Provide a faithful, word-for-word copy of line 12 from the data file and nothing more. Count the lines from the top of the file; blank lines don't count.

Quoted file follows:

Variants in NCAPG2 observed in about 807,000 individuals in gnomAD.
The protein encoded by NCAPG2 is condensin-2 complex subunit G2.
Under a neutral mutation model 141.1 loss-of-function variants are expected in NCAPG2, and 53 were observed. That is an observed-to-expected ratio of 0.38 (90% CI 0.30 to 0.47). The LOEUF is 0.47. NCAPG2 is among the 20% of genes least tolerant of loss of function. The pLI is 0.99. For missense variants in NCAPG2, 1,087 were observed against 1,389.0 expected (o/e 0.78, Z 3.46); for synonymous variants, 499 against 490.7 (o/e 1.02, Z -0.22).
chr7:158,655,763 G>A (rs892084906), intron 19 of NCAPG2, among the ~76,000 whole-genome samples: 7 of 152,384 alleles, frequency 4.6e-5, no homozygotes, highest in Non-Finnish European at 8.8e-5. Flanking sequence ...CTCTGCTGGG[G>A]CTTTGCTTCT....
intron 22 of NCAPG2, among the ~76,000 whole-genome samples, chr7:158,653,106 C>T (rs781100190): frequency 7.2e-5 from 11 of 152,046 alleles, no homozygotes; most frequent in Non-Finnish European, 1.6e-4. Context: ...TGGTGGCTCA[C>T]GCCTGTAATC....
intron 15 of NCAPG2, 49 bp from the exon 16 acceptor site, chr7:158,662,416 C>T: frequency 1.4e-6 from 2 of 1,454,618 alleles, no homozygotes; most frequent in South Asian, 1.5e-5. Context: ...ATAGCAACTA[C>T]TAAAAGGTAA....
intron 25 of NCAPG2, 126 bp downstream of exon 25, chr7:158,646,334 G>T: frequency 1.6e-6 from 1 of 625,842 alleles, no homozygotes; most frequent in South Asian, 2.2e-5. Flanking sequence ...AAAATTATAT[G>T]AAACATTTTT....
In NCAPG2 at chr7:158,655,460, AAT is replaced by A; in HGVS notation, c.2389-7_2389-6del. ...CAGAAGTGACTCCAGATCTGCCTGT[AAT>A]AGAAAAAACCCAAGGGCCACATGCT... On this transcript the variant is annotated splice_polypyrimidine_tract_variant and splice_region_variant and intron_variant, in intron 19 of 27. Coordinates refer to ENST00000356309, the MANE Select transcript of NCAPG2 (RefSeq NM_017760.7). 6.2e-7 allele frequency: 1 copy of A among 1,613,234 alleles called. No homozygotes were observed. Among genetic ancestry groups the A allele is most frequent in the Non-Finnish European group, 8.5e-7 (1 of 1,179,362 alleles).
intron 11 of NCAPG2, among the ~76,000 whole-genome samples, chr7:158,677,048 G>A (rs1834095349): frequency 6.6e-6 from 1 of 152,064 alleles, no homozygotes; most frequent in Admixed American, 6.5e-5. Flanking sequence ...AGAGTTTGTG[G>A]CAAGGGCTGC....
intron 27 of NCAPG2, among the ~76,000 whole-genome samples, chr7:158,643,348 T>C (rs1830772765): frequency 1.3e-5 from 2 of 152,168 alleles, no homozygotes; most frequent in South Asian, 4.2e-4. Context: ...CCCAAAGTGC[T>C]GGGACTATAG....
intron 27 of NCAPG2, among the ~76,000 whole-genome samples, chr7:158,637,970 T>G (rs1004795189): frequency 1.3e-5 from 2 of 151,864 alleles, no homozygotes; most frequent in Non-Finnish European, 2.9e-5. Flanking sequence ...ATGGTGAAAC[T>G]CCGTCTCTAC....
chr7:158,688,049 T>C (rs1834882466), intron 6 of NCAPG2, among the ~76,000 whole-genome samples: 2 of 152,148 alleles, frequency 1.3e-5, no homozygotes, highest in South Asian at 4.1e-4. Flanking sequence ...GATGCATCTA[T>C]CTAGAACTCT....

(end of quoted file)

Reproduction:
chr7:158,688,049 T>C (rs1834882466), intron 6 of NCAPG2, among the ~76,000 whole-genome samples: 2 of 152,148 alleles, frequency 1.3e-5, no homozygotes, highest in South Asian at 4.1e-4. Flanking sequence ...GATGCATCTA[T>C]CTAGAACTCT....